The middle of the Tavai brothers (older brother Jahlani is a Patriots linebacker, younger brother Jonah signed with Seattle as a UDFA), Justus played alongside Jonah on the Aztec defensive line in 2022. While Jonah put up eye-popping numbers with double-digit sacks, Justus was a steady contributor as well, putting up 3.5 sacks and intercepting a pass. Tavai is the ninth man on the Patriots’ defensive line right now, so he has a difficult path if he wants to make the team.
He’s not an undrafted rookie, but the Patriots have also brought in veteran free agent Anthony Firkser, TE to compete with Lumpkin, Sokol, and Washington for the third tight end spot, the roster spot opened with their losing reserve Raekwon McMillan, LB to a partially torn Achilles tendon.
Projected Offseason Depth Chart
(italics = rookie, (in parentheses = exclusively or primarily a special teamer))
(Note: the Patriots assign temporary jersey numbers in the offseason starting with 50 based mainly on draft position.)
10 Mac Jones
4 Bailey Zappe
19 Trace McSorley
64 Malik Cunningham
38 Rhamondre Stevenson
3 James Robinson
14 Ty Montgomery II
35 Pierre Strong Jr.
36 Kevin Harris
42 J.J. Taylor
1 DeVante Parker
7 JuJu Smith-Schuster
84 Kendrick Bourne
11 Tyquan Thornton
58 Kayshon Boutte
60 Demario Douglas
82 Tre Nixon
(44 Raleigh Webb)
(18 Matthew Slater)
85 Hunter Henry
88 Mike Gesicki
86 Anthony Firkser
87 Matt Sokol
17 Scotty Washington
65 Johnny Lumpkin
77 Trent Brown
74 Riley Reiff
76 Calvin Anderson
75 Conor McDermott
64 Andrew Stueber
71 Mike Onwenu
69 Cole Strange
54 Sidy Sow
55 Atonio Mafi
63 Chasen Hines
62 Bill Murray
60 David Andrews
53 Jake Andrews
65 James Ferentz
66 Kody Russey
90 Christian Barmore
92 Davon Godchaux
91 Deatrich Wise Jr.
93 Lawrence Guy Sr.
95 Daniel Ekuale
98 Carl Davis Jr.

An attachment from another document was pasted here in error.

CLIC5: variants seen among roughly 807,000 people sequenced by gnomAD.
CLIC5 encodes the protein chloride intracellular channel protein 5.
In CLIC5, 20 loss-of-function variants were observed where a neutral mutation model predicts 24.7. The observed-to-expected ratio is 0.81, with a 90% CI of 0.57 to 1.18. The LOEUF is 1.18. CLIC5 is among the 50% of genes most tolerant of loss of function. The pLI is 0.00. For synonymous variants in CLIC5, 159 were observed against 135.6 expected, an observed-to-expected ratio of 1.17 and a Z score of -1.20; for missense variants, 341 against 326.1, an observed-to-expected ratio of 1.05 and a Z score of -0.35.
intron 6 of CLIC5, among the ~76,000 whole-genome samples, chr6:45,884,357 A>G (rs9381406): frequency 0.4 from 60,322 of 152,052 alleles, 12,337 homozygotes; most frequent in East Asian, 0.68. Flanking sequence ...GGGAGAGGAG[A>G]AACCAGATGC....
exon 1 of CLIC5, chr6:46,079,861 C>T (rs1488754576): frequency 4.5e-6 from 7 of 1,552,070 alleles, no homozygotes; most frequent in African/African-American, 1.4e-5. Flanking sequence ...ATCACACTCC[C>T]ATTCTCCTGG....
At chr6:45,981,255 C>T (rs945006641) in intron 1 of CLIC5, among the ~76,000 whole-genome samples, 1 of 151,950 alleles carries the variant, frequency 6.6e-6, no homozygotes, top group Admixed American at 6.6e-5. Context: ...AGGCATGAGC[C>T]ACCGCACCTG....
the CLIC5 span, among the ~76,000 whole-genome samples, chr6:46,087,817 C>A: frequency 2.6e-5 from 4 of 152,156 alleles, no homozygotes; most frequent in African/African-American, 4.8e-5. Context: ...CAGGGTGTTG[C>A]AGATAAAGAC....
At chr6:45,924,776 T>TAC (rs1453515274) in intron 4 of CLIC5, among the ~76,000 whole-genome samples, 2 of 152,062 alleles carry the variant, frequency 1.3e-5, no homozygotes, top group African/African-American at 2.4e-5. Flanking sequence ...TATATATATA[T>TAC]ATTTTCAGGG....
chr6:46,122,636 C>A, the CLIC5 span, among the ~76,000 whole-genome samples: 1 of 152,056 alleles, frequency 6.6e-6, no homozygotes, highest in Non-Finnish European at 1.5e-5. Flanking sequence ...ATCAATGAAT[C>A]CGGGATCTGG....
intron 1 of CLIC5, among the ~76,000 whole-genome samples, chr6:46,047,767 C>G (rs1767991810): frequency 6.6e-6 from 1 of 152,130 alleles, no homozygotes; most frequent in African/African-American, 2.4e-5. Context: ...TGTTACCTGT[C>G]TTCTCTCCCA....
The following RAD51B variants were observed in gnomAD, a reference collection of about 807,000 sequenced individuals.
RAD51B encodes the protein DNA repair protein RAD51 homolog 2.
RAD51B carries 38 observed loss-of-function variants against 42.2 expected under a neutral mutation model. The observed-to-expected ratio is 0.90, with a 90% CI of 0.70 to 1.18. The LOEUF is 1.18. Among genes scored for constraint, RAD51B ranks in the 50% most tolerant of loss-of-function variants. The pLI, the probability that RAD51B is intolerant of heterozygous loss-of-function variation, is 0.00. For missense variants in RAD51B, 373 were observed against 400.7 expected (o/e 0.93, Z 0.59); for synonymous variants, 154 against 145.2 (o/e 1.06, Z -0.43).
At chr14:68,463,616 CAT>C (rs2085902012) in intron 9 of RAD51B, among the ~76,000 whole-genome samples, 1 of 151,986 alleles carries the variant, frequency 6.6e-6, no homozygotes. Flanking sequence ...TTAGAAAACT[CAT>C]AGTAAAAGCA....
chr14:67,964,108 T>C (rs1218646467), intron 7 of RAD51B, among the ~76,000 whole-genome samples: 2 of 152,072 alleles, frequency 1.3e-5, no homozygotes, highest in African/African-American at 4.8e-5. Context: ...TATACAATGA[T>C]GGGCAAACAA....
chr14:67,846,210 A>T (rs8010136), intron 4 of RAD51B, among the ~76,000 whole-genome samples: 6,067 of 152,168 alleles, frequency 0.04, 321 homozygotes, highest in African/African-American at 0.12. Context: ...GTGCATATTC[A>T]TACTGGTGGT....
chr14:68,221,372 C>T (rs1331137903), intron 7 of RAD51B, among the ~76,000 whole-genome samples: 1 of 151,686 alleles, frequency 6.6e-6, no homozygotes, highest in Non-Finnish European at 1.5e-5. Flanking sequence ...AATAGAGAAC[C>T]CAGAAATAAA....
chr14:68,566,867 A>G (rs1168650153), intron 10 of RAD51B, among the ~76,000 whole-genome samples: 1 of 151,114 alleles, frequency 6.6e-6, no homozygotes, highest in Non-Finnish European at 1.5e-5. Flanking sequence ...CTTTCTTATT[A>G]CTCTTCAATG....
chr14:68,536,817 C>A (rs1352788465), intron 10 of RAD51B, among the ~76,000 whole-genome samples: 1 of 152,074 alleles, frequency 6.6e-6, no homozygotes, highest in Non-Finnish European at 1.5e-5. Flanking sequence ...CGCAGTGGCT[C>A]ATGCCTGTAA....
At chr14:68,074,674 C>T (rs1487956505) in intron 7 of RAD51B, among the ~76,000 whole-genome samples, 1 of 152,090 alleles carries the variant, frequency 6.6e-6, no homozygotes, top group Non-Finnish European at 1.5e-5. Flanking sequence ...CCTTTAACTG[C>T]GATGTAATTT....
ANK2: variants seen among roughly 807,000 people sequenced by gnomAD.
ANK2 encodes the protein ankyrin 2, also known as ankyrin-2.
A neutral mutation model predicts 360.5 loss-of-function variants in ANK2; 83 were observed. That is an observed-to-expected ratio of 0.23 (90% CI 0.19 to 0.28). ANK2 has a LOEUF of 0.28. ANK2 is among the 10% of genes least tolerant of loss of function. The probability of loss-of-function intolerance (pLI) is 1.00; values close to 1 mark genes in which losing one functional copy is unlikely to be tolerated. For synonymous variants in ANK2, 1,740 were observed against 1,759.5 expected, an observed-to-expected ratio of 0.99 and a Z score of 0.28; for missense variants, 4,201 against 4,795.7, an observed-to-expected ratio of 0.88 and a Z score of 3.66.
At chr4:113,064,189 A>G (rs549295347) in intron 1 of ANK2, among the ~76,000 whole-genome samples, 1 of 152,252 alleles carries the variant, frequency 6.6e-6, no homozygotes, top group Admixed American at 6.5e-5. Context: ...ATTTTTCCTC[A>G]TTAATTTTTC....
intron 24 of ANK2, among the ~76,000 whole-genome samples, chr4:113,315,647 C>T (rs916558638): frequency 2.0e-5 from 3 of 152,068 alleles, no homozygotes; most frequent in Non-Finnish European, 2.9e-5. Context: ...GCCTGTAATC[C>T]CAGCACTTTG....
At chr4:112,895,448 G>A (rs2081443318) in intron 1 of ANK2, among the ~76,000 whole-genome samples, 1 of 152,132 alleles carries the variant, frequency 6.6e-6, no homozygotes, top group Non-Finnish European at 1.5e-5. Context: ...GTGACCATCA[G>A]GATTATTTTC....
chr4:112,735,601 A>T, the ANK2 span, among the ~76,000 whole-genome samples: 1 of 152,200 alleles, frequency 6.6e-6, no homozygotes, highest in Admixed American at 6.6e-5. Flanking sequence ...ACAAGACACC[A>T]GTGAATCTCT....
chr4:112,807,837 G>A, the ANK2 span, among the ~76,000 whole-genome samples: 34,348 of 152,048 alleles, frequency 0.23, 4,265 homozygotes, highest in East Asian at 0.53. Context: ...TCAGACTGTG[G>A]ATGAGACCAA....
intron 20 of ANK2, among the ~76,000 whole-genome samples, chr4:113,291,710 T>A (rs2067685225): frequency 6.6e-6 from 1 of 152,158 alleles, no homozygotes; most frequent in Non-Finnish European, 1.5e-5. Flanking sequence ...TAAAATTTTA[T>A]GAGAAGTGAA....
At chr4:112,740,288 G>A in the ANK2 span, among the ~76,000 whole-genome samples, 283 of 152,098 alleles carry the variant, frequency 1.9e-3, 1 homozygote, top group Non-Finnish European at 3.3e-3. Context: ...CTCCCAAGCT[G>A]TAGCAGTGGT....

96 Sam Roberts
70 Jeremiah Pharms Jr.
67 Justus Tavai
9 Matthew Judon
55 Josh Uche
51 Keion White
58 Anfernee Jennings
(97 DaMarcus Mitchell)
51 Ronnie Perkins
8 Ja’Whaun Bentley
48 Jahlani Tavai
52 Marte Mapu
30 Mack Wilson Sr.
(45 Chris Board Jr.)
43 Calvin Munson
59 Terez Hall
47 Olakunle Fatukasi
(66 Jourdan Heilig)
50 Christian Gonzalez
31 Jonathan Jones
13 Jack Jones
25 Marcus Jones
27 Myles Bryant
(61 Ameer Speed)
63 Isaiah Bolden
37 Tae Hayes
26 Shaun Wade
34 Quandre Mosely
39 Rodney Randle Jr.
23 Kyle Dugger
5 Jabrill Peppers
2 Jalen Mills
21 Adrian Phillips
24 Joshuah Bledsoe
(41 Brenden Schooler)
(22 Cody Davis)
29 Brad Hawkins
62 Chad Ryland
6 Nick Folk
59 Bryce Baringer
15 Corliss Waitman
49 Joe Cardona
46 Tucker Addington
Is this a perfect Patriots team? No. There are still long-term holes at offensive tackle and tight end, and there is a question mark as to who can be that pass catcher whom defensive coordinators have to plan for, a player the team has lacked for several seasons.
But is this an exciting Patriots roster, a team who has a chance to exceed their middling projections and expectations, a team worth watching and cheering for? Absolutely. Belichick and company have stabilized the coaching staff; added explosive, athletic players at nearly every position; brought in a new crew of players to take over special teams; and begun their draft with three players who could not only start in the NFL but have the potential to star. I fully believe that this is not an 8-9 caliber team, even in an AFC East with three other teams that have added big name after big name.
As Bill Belichick might say, we’re on to 2023.
We’re on to victory.